La Llorona: La Cazadora de Ninos (“The Crying Woman: Hunter of Children”) repeats some makeup and effects seen in the La Llorona maze at last year’s Halloween Horror Nights; nevertheless, perhaps because the theme is based on an authentic legend (the crying ghost of a woman who murdered her children), La Llorona comes closer to an authentic Halloween feel than the gore and violence on display in other mazes. We were a bit wary when Universal Studios Hollywood started incorporating La Llorona into Halloween Horror Nights a couple years ago (it seemed like an obvious rip-off of the “Dia De Los Muertos” maze at Knott’s Berry Farm’s annual Halloween haunt), but the satisfyingly sinister results speak for themselves, providing a badly needed change of pace from the gore-filled approach of the other mazes.
The Texas Chainsaw Massacre: The Saw is the Law is modeled after the original 1974 film (not the remake, which inspired a previous maze at Halloween Horror Nights). It may take sharp-eyed fright fans to note the distinction, but this maze is set in a different location from its predecessor and features a grittier feel, in keeping with the source material. Some of the film’s most grizzly shocks (e.g., the girl on the meathook) are recreated with ghoulish intensity. Of course, Leatherface is an ubiquitous presence, but chainsaws (a staple at too many Halloween attractions) are not overused; there are more than enough other atrocities on display to satisfy horror hounds without non-stop saws.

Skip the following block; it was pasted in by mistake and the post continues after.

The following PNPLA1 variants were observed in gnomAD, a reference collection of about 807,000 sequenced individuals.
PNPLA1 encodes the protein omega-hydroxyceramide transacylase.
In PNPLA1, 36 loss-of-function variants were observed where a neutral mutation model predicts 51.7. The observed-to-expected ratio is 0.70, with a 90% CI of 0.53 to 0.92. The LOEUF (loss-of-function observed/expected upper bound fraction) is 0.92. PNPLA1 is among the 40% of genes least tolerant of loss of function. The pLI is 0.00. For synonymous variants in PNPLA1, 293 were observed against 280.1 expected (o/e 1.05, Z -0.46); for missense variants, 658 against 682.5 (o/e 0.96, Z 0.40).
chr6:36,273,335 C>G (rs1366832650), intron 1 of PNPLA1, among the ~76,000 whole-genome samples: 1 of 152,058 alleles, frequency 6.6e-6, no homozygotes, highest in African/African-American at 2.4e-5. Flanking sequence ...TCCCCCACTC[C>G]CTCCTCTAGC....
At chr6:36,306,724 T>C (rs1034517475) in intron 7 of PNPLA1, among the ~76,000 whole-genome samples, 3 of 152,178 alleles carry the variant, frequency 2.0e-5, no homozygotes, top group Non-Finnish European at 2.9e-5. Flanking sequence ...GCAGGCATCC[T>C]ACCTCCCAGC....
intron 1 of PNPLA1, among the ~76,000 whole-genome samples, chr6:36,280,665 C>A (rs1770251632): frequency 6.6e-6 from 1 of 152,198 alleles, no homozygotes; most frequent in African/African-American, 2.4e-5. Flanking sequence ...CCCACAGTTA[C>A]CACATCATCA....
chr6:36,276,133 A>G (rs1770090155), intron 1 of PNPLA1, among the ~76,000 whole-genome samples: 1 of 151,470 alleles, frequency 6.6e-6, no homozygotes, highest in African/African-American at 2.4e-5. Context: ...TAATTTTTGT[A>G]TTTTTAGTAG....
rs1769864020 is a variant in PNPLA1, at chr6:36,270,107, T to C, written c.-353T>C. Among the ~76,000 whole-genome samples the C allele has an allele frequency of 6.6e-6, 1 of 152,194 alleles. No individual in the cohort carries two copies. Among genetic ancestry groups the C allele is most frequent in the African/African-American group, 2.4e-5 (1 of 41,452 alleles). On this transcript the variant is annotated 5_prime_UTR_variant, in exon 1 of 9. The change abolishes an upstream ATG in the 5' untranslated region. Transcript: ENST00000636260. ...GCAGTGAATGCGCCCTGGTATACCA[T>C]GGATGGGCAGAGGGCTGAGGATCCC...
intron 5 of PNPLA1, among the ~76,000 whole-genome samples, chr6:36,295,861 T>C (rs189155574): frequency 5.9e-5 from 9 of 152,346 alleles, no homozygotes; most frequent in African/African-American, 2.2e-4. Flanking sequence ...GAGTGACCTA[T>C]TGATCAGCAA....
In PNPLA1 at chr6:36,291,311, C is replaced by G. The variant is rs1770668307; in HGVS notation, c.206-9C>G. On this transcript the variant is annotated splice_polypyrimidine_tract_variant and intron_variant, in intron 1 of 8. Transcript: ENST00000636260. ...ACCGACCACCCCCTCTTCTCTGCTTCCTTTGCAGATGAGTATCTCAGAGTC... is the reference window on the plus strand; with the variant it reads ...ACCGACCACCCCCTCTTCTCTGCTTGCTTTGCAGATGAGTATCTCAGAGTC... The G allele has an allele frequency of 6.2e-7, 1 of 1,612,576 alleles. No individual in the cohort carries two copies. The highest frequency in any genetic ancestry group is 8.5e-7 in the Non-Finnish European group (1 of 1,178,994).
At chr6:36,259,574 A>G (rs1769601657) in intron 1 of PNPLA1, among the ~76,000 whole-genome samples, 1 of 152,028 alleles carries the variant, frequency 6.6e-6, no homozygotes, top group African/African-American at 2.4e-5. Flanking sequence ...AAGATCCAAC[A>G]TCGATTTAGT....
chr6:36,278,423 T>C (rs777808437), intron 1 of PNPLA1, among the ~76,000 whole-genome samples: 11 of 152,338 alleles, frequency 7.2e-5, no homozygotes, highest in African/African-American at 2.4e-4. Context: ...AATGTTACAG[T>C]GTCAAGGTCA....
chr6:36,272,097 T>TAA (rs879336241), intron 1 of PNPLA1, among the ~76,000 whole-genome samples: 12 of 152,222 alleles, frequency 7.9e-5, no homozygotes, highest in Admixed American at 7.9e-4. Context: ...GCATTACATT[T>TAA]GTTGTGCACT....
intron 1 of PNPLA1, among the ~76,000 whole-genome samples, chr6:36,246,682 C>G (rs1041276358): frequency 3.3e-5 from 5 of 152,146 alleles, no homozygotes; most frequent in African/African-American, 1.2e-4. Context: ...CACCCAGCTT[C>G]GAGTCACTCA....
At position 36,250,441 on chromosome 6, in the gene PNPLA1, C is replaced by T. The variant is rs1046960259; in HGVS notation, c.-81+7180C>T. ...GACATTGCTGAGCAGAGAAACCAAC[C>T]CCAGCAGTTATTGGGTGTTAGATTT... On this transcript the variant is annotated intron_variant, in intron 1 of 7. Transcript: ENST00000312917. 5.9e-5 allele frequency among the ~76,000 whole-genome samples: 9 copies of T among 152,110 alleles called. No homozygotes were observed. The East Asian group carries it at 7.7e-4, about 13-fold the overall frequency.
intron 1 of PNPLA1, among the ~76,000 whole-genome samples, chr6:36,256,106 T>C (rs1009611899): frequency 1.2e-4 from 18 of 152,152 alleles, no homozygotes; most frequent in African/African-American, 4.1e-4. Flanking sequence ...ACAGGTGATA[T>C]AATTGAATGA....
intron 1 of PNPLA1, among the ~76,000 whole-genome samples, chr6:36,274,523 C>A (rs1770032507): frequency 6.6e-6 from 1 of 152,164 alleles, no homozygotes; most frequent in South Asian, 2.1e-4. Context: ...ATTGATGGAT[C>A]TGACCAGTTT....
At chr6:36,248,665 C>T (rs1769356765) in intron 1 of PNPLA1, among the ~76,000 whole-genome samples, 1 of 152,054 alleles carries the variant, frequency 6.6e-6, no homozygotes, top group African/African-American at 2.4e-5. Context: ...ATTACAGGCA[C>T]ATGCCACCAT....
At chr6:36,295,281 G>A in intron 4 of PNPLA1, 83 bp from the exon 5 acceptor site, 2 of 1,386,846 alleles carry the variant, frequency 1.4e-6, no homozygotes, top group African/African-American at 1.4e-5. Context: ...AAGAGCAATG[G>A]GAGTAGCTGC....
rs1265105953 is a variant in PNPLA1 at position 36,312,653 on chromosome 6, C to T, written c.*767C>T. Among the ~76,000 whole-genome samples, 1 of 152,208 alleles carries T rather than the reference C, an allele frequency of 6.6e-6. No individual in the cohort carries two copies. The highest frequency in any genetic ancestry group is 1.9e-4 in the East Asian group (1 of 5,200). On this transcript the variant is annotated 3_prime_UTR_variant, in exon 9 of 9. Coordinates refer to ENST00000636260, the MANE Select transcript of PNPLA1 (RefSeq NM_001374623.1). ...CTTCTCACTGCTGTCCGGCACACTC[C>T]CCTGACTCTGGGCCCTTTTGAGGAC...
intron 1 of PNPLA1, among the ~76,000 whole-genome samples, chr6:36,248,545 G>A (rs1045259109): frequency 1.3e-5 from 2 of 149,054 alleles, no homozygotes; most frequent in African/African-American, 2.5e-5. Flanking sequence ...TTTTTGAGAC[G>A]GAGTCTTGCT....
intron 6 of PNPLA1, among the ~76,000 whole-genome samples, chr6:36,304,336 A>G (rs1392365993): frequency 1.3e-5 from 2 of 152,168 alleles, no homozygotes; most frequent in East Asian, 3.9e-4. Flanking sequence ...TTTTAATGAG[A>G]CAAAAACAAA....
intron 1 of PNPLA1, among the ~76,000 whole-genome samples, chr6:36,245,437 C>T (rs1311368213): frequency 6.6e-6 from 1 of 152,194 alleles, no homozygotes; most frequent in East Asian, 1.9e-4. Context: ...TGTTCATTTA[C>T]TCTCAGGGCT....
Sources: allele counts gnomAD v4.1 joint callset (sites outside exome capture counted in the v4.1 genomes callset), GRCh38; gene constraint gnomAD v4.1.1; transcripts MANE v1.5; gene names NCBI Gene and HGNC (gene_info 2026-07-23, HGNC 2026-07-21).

The new Silent Hill maze impresses with its recreation of the disturbingly distorted characters from the namesake videogame. There is also a pleasingly otherworldly sensation, created by ghostly characters who seem to appear behind walls – and then disappear just as inexplicably. Still, there is a lack of variety to the frights: there are lots of disfigured nurses, plus a few other bizarre beings, but the the scares are fairly standard issue (pop out from around the corner), with little sense of a theme or narrative progression. The only surprise is the incongruous bunnies seen near the end – which provoke not screams of fear but tsks of confusion, as people shrug their shoulders and mutter, “Huh?”
For Halloween 2012, Universal Studios Hollywood has taken its year-round House of Horrors walk-through attraction and rebranded it Universal Monsters Remix. You will see the same old sets and props, backed by a throbbing techno-electronic beat; as incongruous as that sounds, the effect helps rejuvenate the old familiar monsters, like a transfusion of new blood. The pulsing lights are more colorful, enhancing the monochromatic look of the venue (mostly inspired by black-and-white horror films), and the dancing monsters (some of them quite over-sized) seem electrified in a brand new way. There is also a great gag with a character who seems to be a stone fixture – before opening her eyes and coming to life. Little of it is really very scare, but it is certainly novel.